LGBTQ rights

Vt. Passes Law Making It Easier to Change Birth Certificates to Match Gender Identities

A new law in Vermont comes as bills filed in many other states consider limits on trans Americans

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The state of Vermont is making it easier for people to change a line on their birth certificates so it accurately reflects their gender identities.

"My life is going to be easier because I can finally get a birth certificate that matches who I am," said Venn Sage Wylder of Burlington, who is cheering the new law that tells the Vermont Department of Health to create simple ways for people to alter their birth certificates.

The law also calls for the creation of a third gender marker, of X.

Wylder is non-binary — they don't identify as either male or female — so said they will use that new third option.

"There's still thousands of forms that have only two options — thousands of forms that say I don't exist," Wylder said in an interview Thursday with NECN. "And we'll get to those. But today, I want to celebrate that we made this step on the long road to equity."

The move is a big deal for trans and non-binary folks, who have long struggled with legal and logistical problems from having documents be out of sync with their gender identities.

The bill was championed by Rep. Taylor Small, P/D-Winooski.

"I think Vermont is a role model for what other states can do for providing affirming practices within government," Small said.

The state's governor, Republican Phil Scott, signed the measure into law.

"This bill takes an important step forward towards building a more equitable Vermont," Scott said in a written statement. "Working to make our state more welcoming and inclusive for all must be a priority, and this is another important step towards that goal. I want to thank the legislators, advocates, and members of my Administration for working together to advance this bipartisan initiative and I’m happy to sign it into law."

Small, the first out transgender person in the Vermont legislature, said she loves the timing of the measure.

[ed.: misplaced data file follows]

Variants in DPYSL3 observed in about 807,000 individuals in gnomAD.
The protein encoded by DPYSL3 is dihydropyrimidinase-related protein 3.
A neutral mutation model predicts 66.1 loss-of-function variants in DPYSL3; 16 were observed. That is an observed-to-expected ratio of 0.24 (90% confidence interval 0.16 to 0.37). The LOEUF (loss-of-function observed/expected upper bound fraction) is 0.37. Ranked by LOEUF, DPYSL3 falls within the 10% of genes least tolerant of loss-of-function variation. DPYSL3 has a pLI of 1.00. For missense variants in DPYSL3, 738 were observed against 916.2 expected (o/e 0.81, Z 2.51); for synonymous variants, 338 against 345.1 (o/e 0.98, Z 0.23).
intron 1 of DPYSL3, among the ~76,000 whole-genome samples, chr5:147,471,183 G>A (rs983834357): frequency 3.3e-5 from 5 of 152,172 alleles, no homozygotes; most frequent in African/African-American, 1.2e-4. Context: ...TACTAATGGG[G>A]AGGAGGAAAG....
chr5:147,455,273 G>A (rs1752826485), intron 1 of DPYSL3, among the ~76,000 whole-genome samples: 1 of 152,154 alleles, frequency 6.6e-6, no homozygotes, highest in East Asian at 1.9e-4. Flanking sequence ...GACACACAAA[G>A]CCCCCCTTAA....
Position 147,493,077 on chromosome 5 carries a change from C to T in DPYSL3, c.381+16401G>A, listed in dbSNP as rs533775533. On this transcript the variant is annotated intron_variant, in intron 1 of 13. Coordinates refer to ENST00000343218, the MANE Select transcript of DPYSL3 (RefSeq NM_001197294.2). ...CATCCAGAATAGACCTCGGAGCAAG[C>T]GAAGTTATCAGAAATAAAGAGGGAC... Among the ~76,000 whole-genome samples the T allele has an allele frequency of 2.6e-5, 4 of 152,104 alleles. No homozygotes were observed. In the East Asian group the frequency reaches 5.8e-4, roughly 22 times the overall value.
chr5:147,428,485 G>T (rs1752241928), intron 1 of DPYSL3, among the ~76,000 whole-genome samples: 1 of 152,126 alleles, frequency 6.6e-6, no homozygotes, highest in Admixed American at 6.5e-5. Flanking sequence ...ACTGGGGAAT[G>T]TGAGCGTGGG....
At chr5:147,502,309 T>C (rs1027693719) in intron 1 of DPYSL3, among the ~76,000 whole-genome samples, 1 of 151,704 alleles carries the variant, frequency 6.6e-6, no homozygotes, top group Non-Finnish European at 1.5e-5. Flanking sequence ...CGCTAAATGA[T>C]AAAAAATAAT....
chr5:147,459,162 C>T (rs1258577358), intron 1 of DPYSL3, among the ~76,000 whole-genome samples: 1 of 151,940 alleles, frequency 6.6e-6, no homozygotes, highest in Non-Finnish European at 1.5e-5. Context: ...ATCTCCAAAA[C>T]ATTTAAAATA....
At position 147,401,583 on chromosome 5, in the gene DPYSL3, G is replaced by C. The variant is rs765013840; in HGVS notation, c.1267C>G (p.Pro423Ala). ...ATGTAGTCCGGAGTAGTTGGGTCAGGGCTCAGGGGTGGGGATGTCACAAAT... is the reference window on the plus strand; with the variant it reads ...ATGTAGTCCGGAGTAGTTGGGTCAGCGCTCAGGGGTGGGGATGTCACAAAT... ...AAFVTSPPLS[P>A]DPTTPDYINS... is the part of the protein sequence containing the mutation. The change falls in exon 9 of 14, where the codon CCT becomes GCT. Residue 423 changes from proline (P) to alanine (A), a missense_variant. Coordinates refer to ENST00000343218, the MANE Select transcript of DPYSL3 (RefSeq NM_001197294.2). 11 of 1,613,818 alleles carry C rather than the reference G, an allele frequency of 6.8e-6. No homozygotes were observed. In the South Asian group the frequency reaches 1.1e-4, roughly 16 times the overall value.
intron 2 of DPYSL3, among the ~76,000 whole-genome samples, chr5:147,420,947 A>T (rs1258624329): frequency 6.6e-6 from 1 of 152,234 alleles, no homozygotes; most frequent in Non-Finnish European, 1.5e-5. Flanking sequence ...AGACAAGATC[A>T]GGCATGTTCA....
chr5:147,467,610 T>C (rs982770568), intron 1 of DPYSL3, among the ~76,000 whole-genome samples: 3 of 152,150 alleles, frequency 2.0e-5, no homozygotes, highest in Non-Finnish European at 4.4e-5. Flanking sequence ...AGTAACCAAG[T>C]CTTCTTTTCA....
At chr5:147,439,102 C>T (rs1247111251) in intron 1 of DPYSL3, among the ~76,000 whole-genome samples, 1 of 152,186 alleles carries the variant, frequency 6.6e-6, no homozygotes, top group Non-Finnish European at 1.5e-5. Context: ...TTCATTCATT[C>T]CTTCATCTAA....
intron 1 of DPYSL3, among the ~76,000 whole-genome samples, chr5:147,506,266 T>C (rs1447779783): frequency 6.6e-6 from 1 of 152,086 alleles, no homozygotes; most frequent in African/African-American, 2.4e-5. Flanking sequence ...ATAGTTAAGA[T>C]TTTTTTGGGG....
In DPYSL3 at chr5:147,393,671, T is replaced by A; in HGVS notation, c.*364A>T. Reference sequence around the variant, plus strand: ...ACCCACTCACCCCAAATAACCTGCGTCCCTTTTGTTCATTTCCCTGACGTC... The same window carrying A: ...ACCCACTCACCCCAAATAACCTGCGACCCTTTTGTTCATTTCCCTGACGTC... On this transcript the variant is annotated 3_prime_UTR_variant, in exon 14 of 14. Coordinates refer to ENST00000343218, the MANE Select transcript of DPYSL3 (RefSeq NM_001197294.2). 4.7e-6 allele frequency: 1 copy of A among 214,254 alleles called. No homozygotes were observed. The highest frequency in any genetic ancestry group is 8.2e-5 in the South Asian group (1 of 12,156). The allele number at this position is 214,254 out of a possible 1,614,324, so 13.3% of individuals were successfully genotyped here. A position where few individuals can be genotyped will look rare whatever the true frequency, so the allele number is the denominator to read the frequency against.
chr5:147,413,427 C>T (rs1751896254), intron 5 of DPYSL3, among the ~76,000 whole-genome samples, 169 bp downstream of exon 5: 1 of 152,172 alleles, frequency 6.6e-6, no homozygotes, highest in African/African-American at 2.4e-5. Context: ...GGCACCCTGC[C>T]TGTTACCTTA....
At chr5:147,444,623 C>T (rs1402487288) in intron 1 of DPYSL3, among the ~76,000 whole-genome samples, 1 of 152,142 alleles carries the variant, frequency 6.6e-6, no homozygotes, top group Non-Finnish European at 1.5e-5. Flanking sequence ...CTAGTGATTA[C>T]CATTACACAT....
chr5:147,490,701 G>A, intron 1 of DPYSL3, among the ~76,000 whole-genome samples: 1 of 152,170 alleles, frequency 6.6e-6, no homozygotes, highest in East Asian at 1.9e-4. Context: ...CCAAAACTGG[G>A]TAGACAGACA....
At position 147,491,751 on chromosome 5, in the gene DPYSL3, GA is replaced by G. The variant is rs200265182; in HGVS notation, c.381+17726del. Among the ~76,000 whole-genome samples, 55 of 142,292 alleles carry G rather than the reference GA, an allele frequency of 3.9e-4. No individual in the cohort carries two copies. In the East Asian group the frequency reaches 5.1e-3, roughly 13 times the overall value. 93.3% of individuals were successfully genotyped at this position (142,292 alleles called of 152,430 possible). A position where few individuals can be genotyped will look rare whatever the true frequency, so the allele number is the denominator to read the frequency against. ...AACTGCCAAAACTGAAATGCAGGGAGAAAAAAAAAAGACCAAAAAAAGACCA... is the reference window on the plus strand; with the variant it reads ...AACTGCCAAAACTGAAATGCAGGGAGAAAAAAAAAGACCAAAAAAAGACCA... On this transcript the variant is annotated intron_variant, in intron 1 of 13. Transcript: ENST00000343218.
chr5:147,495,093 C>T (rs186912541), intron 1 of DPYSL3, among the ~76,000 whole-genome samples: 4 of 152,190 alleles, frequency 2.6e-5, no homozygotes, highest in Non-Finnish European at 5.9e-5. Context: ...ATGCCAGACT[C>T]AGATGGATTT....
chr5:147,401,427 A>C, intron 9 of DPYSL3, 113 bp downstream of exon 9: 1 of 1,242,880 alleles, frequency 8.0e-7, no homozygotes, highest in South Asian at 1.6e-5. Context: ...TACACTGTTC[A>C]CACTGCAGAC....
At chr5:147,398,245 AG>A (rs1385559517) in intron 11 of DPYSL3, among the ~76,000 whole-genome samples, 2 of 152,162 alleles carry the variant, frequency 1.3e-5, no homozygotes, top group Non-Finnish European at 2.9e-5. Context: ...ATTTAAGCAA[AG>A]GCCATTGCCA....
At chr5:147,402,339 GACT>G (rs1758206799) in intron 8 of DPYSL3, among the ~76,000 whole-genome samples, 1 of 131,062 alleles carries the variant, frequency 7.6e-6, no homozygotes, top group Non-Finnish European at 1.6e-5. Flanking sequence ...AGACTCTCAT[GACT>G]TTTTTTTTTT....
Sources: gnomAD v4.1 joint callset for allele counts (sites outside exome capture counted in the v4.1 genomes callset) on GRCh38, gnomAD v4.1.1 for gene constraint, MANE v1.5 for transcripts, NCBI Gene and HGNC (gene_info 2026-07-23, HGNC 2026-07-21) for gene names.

Vermont's move comes amid a wave of bills nationally that would would place limits on LGBTQ Americans, including some that would make it a crime for parents to seek gender-affirming healthcare for their trans kids.

"What we [in Vermont] are showing is that we are a guiding light of hope, a state of refuge for LGBTQ people to know that they will be validated — that they will be seen," Small said.

Small said when documents have inconsistencies in them, that can create the risk of outing a trans person without their consent, potentially creating an unsafe environment.

Sawyer Totten, a Burlington High School senior, testified in favor of the new law, remembering how much of a pricey pain it was to navigate the courts when he wanted official documents changed.

"A lot of times for trans people, we're constantly having to prove ourselves to other people," Totten said.

Totten predicted streamlining the process will boost access and reduce anxiety among trans and non-binary Vermonters.

"You're worried that they're going to look at the name that's on the birth certificate or whatever document they're showing that has the wrong name or gender on it and they're going to misgender you or they're going to call you by the wrong name — and those thoughts always stay with you," Totten explained, adding that this change should reduce those problems.

Small and other advocates for LGBTQ Vermonters insist there's still a lot of work to do to eliminate discrimination against trans and non-binary people. However, with this birth certificate change taking effect July 1, one hurdle in their lives appears to have been removed.

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